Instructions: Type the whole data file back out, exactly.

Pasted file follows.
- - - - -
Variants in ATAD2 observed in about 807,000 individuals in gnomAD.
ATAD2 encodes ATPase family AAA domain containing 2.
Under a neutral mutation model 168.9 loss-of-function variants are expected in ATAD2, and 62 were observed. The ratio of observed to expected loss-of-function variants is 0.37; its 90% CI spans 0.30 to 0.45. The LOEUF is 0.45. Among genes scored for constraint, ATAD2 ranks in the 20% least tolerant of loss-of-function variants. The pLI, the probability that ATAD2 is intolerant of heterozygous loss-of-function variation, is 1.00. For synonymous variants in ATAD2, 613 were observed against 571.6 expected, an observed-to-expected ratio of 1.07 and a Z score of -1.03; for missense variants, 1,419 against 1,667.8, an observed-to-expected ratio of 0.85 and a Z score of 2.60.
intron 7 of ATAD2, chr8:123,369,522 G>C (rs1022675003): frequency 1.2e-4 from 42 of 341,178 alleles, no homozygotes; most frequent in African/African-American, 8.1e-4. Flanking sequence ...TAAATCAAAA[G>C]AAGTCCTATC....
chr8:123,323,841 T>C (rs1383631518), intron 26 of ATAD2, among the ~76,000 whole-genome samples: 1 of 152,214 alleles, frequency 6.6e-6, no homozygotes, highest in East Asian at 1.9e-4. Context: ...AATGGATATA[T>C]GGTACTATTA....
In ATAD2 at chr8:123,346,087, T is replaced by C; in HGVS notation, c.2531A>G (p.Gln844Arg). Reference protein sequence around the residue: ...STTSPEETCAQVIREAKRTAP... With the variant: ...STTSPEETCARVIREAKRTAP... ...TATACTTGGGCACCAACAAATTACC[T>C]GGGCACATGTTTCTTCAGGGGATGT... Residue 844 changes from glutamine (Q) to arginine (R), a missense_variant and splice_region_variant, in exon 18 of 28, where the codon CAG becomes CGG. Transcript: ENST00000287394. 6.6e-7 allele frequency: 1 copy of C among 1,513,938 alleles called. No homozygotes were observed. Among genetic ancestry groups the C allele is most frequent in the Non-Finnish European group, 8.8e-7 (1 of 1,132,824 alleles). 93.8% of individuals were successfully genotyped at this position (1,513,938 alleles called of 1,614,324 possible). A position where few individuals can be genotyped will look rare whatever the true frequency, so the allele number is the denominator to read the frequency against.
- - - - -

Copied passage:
Variants in ATAD2 observed in about 807,000 individuals in gnomAD.
ATAD2 encodes ATPase family AAA domain containing 2.
Under a neutral mutation model 168.9 loss-of-function variants are expected in ATAD2, and 62 were observed. The ratio of observed to expected loss-of-function variants is 0.37; its 90% CI spans 0.30 to 0.45. The LOEUF is 0.45. Among genes scored for constraint, ATAD2 ranks in the 20% least tolerant of loss-of-function variants. The pLI, the probability that ATAD2 is intolerant of heterozygous loss-of-function variation, is 1.00. For synonymous variants in ATAD2, 613 were observed against 571.6 expected, an observed-to-expected ratio of 1.07 and a Z score of -1.03; for missense variants, 1,419 against 1,667.8, an observed-to-expected ratio of 0.85 and a Z score of 2.60.
intron 7 of ATAD2, chr8:123,369,522 G>C (rs1022675003): frequency 1.2e-4 from 42 of 341,178 alleles, no homozygotes; most frequent in African/African-American, 8.1e-4. Flanking sequence ...TAAATCAAAA[G>C]AAGTCCTATC....
chr8:123,323,841 T>C (rs1383631518), intron 26 of ATAD2, among the ~76,000 whole-genome samples: 1 of 152,214 alleles, frequency 6.6e-6, no homozygotes, highest in East Asian at 1.9e-4. Context: ...AATGGATATA[T>C]GGTACTATTA....
In ATAD2 at chr8:123,346,087, T is replaced by C; in HGVS notation, c.2531A>G (p.Gln844Arg). Reference protein sequence around the residue: ...STTSPEETCAQVIREAKRTAP... With the variant: ...STTSPEETCARVIREAKRTAP... ...TATACTTGGGCACCAACAAATTACC[T>C]GGGCACATGTTTCTTCAGGGGATGT... Residue 844 changes from glutamine (Q) to arginine (R), a missense_variant and splice_region_variant, in exon 18 of 28, where the codon CAG becomes CGG. Transcript: ENST00000287394. 6.6e-7 allele frequency: 1 copy of C among 1,513,938 alleles called. No homozygotes were observed. Among genetic ancestry groups the C allele is most frequent in the Non-Finnish European group, 8.8e-7 (1 of 1,132,824 alleles). 93.8% of individuals were successfully genotyped at this position (1,513,938 alleles called of 1,614,324 possible). A position where few individuals can be genotyped will look rare whatever the true frequency, so the allele number is the denominator to read the frequency against.